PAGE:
“People asked me why I spoke so well, congratulated me for going to college, asked me what type of black I was, was I mixed with something, told me I was just “too pretty” to be all black, touched my hair, asked about my hair,” she recalls, citing that many clients were surprised that she was actually knowledgeable about wine. 

Wine and Dancing: One In the Same?

Marquita likens dancing and wine to virtually being one in the same. “You can’t skip steps or cheat, and you must know basic technique if you want to be good – not great, just good,” she says. Practice is imperative, and repetition, memory, and constant learning are key. “There is an art to being a Sommelier. It is choreography. The language of dance and wine are forms of the same Lingua Franca,” she explains. And at the end of the day, both require passion, perseverance, and ultimately result in joy, despite the fact that her race and gender are brought to the table every time she works.  

Today, Marquita finds particular joy in Gruner Veltliner, Southern Rhone Grenache, Rioja, and all things Spanish wine. “And of course, the Sangiovese Fight Club. Chianti ALL DAY. Can I get a Fontodi?” Some of her current favorite producers include Knoll, COS, Forlorn Hope, Reeve, Boekenhoutskloof, Agrapart (for a splurge), and Gamay at all times.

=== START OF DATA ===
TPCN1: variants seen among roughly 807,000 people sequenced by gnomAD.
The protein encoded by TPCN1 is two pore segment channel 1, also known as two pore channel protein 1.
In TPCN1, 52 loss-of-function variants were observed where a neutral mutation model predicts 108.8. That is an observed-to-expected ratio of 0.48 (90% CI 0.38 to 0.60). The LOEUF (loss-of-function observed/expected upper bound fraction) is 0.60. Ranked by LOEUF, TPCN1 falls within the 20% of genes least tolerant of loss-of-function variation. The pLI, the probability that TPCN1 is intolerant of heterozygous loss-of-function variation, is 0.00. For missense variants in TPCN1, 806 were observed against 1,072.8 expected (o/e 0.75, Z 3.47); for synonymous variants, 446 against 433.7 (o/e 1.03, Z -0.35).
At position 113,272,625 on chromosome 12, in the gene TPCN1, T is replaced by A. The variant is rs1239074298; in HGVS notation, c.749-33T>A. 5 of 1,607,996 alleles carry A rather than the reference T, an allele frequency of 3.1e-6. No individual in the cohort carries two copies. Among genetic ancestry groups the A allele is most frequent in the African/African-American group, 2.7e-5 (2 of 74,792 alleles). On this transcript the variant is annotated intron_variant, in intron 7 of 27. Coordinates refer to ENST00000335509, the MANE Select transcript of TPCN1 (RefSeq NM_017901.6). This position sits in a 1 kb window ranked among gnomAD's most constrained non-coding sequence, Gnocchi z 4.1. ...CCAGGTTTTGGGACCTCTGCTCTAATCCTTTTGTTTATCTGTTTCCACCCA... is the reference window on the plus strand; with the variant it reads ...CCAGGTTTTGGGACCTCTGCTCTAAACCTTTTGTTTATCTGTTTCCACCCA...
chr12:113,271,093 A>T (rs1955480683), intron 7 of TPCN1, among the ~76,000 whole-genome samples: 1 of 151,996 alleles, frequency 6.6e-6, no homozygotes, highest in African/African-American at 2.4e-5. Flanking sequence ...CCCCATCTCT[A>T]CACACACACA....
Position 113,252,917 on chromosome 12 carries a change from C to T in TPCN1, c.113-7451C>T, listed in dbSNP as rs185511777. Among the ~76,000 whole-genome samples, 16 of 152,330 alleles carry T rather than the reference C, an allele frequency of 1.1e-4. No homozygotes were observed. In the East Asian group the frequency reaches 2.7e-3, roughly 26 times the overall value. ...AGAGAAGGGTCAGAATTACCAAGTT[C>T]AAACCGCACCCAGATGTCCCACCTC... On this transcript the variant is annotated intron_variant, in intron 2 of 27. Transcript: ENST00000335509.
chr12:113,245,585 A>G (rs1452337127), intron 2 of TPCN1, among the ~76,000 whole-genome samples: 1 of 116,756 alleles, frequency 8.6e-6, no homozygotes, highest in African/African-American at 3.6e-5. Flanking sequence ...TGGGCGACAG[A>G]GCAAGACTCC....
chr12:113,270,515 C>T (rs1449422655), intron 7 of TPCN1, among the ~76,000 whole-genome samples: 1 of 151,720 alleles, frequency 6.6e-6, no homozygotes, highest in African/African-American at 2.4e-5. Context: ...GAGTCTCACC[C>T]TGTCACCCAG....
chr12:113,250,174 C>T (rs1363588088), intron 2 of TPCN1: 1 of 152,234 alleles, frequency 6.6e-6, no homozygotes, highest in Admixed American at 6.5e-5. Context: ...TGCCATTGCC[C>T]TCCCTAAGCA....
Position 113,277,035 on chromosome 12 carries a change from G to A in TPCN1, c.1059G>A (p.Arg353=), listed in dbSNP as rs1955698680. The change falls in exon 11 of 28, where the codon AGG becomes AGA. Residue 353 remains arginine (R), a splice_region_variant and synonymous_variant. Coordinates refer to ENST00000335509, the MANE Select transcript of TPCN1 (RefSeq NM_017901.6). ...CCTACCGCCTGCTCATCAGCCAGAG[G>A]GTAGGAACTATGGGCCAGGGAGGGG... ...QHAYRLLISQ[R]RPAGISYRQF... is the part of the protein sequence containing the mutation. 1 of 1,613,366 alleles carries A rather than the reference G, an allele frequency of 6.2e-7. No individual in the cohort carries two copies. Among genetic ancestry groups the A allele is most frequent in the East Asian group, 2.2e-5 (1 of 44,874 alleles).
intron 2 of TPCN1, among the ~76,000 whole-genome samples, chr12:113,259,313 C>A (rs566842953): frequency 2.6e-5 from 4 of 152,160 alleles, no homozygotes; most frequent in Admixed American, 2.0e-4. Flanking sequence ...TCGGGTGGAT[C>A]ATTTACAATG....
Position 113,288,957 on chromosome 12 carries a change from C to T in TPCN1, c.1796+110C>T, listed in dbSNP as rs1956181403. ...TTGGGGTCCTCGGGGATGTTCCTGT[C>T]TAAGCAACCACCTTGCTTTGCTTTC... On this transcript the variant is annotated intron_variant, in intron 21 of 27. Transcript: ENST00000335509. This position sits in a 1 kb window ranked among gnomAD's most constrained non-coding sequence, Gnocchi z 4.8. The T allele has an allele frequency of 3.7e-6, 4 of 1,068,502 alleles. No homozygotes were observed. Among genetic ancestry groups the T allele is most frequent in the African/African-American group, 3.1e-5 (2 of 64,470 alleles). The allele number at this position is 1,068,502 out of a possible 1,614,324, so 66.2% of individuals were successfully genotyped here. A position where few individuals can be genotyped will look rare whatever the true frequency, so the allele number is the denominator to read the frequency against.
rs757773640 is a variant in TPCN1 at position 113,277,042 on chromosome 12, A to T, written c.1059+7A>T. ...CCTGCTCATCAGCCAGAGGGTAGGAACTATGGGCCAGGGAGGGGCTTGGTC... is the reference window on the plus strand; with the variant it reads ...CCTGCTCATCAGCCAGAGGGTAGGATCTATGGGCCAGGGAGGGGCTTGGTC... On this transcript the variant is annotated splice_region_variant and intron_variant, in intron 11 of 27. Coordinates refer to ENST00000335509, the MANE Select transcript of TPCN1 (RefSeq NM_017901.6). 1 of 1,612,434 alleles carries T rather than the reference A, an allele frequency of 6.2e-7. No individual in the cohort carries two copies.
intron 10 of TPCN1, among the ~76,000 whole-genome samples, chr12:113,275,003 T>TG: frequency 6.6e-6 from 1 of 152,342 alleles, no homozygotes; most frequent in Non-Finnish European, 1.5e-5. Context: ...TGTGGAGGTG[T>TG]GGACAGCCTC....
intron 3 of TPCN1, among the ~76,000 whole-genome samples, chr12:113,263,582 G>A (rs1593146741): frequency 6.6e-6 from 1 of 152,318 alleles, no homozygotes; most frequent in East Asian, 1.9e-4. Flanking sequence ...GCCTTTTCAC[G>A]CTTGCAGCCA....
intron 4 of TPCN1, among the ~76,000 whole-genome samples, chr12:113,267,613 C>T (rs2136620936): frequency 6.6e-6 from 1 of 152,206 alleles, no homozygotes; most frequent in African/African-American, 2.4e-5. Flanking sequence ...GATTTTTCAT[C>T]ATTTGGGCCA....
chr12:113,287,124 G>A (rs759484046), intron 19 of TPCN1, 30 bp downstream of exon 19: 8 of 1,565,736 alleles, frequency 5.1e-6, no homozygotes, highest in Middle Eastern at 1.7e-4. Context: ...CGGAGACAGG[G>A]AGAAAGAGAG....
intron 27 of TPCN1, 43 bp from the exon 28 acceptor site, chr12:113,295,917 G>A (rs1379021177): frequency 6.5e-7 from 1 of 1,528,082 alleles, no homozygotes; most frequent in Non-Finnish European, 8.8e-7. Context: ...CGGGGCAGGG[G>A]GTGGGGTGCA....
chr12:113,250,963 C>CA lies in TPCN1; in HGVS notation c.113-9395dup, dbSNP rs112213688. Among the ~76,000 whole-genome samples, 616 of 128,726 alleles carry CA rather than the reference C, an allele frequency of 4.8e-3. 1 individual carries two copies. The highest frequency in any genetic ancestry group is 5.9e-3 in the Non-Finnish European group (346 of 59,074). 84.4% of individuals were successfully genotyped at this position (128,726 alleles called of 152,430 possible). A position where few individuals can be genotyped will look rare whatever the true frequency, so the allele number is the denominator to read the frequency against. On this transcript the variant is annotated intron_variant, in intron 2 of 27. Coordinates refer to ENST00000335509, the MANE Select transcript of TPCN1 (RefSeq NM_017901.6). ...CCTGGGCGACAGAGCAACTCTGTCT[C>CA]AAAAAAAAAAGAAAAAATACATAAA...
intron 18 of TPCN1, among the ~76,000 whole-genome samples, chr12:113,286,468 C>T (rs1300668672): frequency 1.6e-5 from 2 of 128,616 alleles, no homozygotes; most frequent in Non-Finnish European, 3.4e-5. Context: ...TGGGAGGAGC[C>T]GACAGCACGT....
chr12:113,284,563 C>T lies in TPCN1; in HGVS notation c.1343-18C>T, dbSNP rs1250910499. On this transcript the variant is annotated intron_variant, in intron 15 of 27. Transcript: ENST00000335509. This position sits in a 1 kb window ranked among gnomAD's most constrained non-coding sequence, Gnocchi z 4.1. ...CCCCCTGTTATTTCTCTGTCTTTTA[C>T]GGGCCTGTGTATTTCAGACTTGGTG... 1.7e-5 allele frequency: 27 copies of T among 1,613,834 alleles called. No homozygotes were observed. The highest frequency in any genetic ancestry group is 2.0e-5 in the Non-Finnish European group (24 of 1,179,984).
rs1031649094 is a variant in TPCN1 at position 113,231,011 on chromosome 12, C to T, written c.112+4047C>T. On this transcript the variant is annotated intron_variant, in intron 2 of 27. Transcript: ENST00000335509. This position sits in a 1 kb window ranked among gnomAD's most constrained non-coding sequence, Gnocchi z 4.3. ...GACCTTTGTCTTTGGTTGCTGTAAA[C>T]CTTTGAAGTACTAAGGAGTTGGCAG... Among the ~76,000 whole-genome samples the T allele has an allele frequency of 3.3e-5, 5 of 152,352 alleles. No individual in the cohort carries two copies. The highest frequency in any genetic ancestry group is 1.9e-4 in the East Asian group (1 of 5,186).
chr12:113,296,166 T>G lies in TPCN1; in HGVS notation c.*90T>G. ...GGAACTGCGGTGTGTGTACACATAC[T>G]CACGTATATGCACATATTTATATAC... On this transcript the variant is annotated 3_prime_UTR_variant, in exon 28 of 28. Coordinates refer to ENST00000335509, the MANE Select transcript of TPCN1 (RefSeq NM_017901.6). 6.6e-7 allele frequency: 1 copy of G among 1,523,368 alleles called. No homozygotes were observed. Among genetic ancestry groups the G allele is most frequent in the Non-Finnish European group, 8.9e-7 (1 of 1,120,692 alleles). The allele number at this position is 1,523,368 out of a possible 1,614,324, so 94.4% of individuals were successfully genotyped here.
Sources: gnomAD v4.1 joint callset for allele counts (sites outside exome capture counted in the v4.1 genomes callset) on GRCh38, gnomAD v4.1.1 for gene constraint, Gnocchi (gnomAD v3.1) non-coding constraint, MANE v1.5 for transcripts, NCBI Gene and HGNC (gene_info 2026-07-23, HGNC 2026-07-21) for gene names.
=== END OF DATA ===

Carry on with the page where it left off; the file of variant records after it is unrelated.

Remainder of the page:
What’s Next for Marquita Levy?

Currently, Marquita can be found dominating the streets of Brooklyn for Volcanic Selections, a small, sustainably-focused distributor founded by sommelier Jeff Porter. “I hope to have 20 accounts open by April, and by the end of the year, I hope I can make it to 60-80,” she says. Marquita is also responsible for hosting the company’s weekly #WinemakerChat series on IG Live, which she hopes to expand to include weekly features on wines. “I’d also like to create a newsletter for my accounts. Oh, AND SELL A SCHIST LOAD OF WINE!”

So what’s next for Marquita Levy? “This year, I’m going back to school to take the Certified Specialist of Wine exam, which is in preparation to become a Certified Wine Educator and also to enter the WSET Diploma program, which is a prerequisite for the Master of Wine,” she says, additionally citing her goals of becoming a Level 1 Cicerone, ramp up her wine blog, study Spanish and French, and get married to her long-term boyfriend (now fiancé!) 

At the end of the day, the stories and people behind wine are what drives Marquita’s passion. “Basically, I want to be a storyteller for all of our winemakers and to be of service [to my clients]: food pairings, tastings, wine descriptions, any support they need in terms of tasting, and always to share Wine Joy. There’s no greater vaccine in the entire world.”